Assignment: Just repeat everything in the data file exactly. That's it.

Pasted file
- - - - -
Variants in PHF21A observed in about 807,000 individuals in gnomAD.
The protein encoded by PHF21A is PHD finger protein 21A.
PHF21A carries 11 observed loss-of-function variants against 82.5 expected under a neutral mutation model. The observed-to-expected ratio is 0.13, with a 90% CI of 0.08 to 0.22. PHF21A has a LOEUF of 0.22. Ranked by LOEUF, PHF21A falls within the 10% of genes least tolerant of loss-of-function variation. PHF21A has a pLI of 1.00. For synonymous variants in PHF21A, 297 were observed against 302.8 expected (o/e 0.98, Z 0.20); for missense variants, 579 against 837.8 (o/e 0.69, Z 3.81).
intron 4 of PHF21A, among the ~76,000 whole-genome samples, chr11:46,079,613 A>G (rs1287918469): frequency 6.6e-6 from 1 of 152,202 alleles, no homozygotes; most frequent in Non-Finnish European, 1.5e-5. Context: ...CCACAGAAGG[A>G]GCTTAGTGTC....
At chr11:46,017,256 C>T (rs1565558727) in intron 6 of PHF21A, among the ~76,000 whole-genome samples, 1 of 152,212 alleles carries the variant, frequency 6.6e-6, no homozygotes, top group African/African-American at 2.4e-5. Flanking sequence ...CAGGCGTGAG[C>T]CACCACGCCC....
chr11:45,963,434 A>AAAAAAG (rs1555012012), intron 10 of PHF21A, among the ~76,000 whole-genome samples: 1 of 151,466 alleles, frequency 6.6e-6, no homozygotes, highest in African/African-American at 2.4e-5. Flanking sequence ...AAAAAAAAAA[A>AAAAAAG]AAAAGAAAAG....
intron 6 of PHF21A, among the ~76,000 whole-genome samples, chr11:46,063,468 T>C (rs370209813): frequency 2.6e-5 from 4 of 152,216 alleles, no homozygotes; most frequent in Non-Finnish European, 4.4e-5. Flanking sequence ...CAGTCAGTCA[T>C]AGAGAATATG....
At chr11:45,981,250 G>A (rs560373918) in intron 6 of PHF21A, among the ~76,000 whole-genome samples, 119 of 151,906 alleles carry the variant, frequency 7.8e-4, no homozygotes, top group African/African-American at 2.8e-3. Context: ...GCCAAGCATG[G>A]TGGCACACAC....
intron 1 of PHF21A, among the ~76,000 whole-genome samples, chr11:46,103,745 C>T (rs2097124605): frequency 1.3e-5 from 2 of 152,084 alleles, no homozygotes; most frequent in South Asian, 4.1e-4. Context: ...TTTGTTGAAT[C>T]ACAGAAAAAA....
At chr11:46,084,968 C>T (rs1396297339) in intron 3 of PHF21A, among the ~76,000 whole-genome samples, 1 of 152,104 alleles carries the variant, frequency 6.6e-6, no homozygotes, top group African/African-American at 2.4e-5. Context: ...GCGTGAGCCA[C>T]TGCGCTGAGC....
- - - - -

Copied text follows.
Variants in PHF21A observed in about 807,000 individuals in gnomAD.
The protein encoded by PHF21A is PHD finger protein 21A.
PHF21A carries 11 observed loss-of-function variants against 82.5 expected under a neutral mutation model. The observed-to-expected ratio is 0.13, with a 90% CI of 0.08 to 0.22. PHF21A has a LOEUF of 0.22. Ranked by LOEUF, PHF21A falls within the 10% of genes least tolerant of loss-of-function variation. PHF21A has a pLI of 1.00. For synonymous variants in PHF21A, 297 were observed against 302.8 expected (o/e 0.98, Z 0.20); for missense variants, 579 against 837.8 (o/e 0.69, Z 3.81).
intron 4 of PHF21A, among the ~76,000 whole-genome samples, chr11:46,079,613 A>G (rs1287918469): frequency 6.6e-6 from 1 of 152,202 alleles, no homozygotes; most frequent in Non-Finnish European, 1.5e-5. Context: ...CCACAGAAGG[A>G]GCTTAGTGTC....
At chr11:46,017,256 C>T (rs1565558727) in intron 6 of PHF21A, among the ~76,000 whole-genome samples, 1 of 152,212 alleles carries the variant, frequency 6.6e-6, no homozygotes, top group African/African-American at 2.4e-5. Flanking sequence ...CAGGCGTGAG[C>T]CACCACGCCC....
chr11:45,963,434 A>AAAAAAG (rs1555012012), intron 10 of PHF21A, among the ~76,000 whole-genome samples: 1 of 151,466 alleles, frequency 6.6e-6, no homozygotes, highest in African/African-American at 2.4e-5. Flanking sequence ...AAAAAAAAAA[A>AAAAAAG]AAAAGAAAAG....
intron 6 of PHF21A, among the ~76,000 whole-genome samples, chr11:46,063,468 T>C (rs370209813): frequency 2.6e-5 from 4 of 152,216 alleles, no homozygotes; most frequent in Non-Finnish European, 4.4e-5. Flanking sequence ...CAGTCAGTCA[T>C]AGAGAATATG....
At chr11:45,981,250 G>A (rs560373918) in intron 6 of PHF21A, among the ~76,000 whole-genome samples, 119 of 151,906 alleles carry the variant, frequency 7.8e-4, no homozygotes, top group African/African-American at 2.8e-3. Context: ...GCCAAGCATG[G>A]TGGCACACAC....
intron 1 of PHF21A, among the ~76,000 whole-genome samples, chr11:46,103,745 C>T (rs2097124605): frequency 1.3e-5 from 2 of 152,084 alleles, no homozygotes; most frequent in South Asian, 4.1e-4. Context: ...TTTGTTGAAT[C>T]ACAGAAAAAA....
At chr11:46,084,968 C>T (rs1396297339) in intron 3 of PHF21A, among the ~76,000 whole-genome samples, 1 of 152,104 alleles carries the variant, frequency 6.6e-6, no homozygotes, top group African/African-American at 2.4e-5. Context: ...GCGTGAGCCA[C>T]TGCGCTGAGC....